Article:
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Gotta Go Right Now? Urinary Incontinence Could Impact Mental Health

By Rheyanne Weaver HERWriter
 
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gotta go from urinary incontinence? mental health may be impacted
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Women might be embarrassed to admit it, but many of us have had occasional issues with controlling our bladders. Perhaps after hearing a hilarious joke or while being tickled you let a few drops go on accident.

But some women have to deal with a condition called urinary incontinence (UI), where leakage is not always just a rare occurrence. In fact, some women might not be able to keep urine from leaking out at all, which obviously has a major impact on day-to-day living.

The condition impacts around 35 percent of women, according to an article on Medical Xpress. And the condition is not only limited to elderly women.

In fact, a new study from the University of Adelaide sheds light on urinary incontinence and its mental health impact on younger women. Researchers found that middle-aged women (43-65 years old) with UI were more likely to suffer from depression than older women.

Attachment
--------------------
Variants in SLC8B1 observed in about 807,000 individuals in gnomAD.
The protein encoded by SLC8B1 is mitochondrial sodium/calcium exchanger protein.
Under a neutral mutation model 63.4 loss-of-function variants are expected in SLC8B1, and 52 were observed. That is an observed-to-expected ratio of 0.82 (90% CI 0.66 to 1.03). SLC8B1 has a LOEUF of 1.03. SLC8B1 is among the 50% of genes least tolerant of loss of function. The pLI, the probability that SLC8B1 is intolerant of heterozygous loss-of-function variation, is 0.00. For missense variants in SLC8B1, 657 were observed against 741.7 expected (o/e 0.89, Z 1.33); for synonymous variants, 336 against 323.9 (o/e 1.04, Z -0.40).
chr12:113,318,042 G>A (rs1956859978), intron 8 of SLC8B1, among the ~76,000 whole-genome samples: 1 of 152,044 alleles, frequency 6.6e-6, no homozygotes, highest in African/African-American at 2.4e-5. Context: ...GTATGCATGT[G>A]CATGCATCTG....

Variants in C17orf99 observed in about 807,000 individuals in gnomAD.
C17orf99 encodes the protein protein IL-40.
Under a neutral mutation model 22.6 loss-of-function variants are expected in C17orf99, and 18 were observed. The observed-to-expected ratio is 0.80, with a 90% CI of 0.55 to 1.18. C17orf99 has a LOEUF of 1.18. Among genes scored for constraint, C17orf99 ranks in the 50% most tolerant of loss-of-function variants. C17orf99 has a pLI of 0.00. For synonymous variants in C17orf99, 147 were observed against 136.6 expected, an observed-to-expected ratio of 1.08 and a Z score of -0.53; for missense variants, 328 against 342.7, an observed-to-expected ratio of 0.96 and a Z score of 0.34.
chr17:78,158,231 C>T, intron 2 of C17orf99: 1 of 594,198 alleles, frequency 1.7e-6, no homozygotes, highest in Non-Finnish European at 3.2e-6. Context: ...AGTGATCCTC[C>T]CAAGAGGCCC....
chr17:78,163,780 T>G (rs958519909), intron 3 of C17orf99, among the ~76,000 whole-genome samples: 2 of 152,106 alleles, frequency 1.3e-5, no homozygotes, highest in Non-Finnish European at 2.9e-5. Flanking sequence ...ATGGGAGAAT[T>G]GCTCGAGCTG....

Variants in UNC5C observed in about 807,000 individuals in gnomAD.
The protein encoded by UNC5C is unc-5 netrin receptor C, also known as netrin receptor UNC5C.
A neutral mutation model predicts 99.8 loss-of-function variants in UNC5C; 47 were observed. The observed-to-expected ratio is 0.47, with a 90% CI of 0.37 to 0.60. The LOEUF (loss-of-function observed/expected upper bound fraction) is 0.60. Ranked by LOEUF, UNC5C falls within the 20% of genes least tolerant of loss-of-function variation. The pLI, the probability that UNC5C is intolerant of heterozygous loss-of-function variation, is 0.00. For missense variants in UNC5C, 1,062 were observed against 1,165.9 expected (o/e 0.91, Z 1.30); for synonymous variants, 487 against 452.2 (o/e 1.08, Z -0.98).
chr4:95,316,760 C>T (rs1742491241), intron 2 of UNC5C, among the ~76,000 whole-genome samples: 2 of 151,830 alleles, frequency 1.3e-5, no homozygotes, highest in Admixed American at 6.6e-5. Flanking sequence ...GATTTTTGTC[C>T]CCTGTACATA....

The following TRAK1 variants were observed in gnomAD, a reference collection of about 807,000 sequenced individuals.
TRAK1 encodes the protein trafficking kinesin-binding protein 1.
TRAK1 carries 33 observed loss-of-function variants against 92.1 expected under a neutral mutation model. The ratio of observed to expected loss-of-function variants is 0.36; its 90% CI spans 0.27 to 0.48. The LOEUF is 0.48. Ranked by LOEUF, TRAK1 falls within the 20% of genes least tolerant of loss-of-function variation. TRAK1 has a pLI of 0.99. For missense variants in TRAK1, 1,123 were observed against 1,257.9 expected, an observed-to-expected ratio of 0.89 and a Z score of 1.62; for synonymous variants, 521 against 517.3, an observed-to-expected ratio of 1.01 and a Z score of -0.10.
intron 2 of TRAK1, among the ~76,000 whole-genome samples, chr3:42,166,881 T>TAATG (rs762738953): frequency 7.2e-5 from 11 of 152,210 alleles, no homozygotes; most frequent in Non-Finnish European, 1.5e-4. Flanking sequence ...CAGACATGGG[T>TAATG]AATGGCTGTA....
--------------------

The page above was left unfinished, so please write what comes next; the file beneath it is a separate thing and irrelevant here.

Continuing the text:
Researchers believe this is because the UI condition can lower self-esteem due to the constraints it may put on activities, sexual relationships and general family life.

Dr. Dion Metzger, a board-certified adult psychiatrist, is not surprised by the study results, and has personally had patients who suffer from both depression and urinary incontinence.

“I have found that the lowered self-esteem, social limitations and anxiety associated with the fear of embarrassment all contribute to the development of depression,” Metzger said in an email.

She said the following symptoms could be signs of depression:

1) “Feelings of hopelessness”

2) “Less enjoyment of social activities”

3) “Problems concentrating”

“Younger women may become more depressed because they may experience more of the social limiting factors,” Metzger said. “Younger women are more likely to be active in sports and leisure activities such as dancing, going out shopping or simply taking a walk.”

“Another reason younger women may become more depressed is due to seeing their UI symptoms as a sign of premature aging,” she added. “They may feel that they're at too young of an age to be experiencing these symptoms, and have feelings of melancholy about their best years being behind them.”

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We value and respect our HERWriters' experiences, but everyone is different. Many of our writers are speaking from personal experience, and what's worked for them may not work for you. Their articles are not a substitute for medical advice, although we hope you can gain knowledge from their insight.

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